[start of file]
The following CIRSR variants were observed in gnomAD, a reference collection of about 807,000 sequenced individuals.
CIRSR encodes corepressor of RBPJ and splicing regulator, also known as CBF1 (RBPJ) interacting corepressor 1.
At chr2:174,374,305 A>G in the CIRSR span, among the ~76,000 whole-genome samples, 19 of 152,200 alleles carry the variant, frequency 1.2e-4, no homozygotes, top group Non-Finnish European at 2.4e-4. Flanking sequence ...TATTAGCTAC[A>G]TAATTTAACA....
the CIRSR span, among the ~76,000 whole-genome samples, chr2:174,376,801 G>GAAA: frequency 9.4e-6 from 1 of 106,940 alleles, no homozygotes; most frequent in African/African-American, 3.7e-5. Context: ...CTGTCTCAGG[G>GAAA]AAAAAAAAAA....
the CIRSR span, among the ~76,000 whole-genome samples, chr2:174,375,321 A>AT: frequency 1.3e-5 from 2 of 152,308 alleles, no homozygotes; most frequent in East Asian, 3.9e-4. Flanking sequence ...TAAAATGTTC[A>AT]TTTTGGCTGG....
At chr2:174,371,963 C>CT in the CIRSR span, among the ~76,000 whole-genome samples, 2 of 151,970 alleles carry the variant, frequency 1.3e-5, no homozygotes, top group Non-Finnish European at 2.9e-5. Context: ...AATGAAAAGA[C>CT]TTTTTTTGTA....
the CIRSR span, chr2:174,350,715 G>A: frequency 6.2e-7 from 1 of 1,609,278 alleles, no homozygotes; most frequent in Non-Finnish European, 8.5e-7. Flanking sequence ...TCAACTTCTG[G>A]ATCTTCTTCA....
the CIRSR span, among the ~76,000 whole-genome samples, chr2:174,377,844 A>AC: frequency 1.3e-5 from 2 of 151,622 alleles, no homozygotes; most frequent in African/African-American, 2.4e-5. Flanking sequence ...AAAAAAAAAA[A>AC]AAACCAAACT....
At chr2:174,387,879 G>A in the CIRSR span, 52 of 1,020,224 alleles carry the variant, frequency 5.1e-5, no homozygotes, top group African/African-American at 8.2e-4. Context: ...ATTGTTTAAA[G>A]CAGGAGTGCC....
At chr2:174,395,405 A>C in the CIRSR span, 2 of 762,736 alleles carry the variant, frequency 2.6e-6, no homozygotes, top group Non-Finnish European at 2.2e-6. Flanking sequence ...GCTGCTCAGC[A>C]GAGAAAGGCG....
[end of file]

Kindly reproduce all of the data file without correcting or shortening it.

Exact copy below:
The following CIRSR variants were observed in gnomAD, a reference collection of about 807,000 sequenced individuals.
CIRSR encodes corepressor of RBPJ and splicing regulator, also known as CBF1 (RBPJ) interacting corepressor 1.
At chr2:174,374,305 A>G in the CIRSR span, among the ~76,000 whole-genome samples, 19 of 152,200 alleles carry the variant, frequency 1.2e-4, no homozygotes, top group Non-Finnish European at 2.4e-4. Flanking sequence ...TATTAGCTAC[A>G]TAATTTAACA....
the CIRSR span, among the ~76,000 whole-genome samples, chr2:174,376,801 G>GAAA: frequency 9.4e-6 from 1 of 106,940 alleles, no homozygotes; most frequent in African/African-American, 3.7e-5. Context: ...CTGTCTCAGG[G>GAAA]AAAAAAAAAA....
the CIRSR span, among the ~76,000 whole-genome samples, chr2:174,375,321 A>AT: frequency 1.3e-5 from 2 of 152,308 alleles, no homozygotes; most frequent in East Asian, 3.9e-4. Flanking sequence ...TAAAATGTTC[A>AT]TTTTGGCTGG....
At chr2:174,371,963 C>CT in the CIRSR span, among the ~76,000 whole-genome samples, 2 of 151,970 alleles carry the variant, frequency 1.3e-5, no homozygotes, top group Non-Finnish European at 2.9e-5. Context: ...AATGAAAAGA[C>CT]TTTTTTTGTA....
the CIRSR span, chr2:174,350,715 G>A: frequency 6.2e-7 from 1 of 1,609,278 alleles, no homozygotes; most frequent in Non-Finnish European, 8.5e-7. Flanking sequence ...TCAACTTCTG[G>A]ATCTTCTTCA....
the CIRSR span, among the ~76,000 whole-genome samples, chr2:174,377,844 A>AC: frequency 1.3e-5 from 2 of 151,622 alleles, no homozygotes; most frequent in African/African-American, 2.4e-5. Flanking sequence ...AAAAAAAAAA[A>AC]AAACCAAACT....
At chr2:174,387,879 G>A in the CIRSR span, 52 of 1,020,224 alleles carry the variant, frequency 5.1e-5, no homozygotes, top group African/African-American at 8.2e-4. Context: ...ATTGTTTAAA[G>A]CAGGAGTGCC....
At chr2:174,395,405 A>C in the CIRSR span, 2 of 762,736 alleles carry the variant, frequency 2.6e-6, no homozygotes, top group Non-Finnish European at 2.2e-6. Flanking sequence ...GCTGCTCAGC[A>C]GAGAAAGGCG....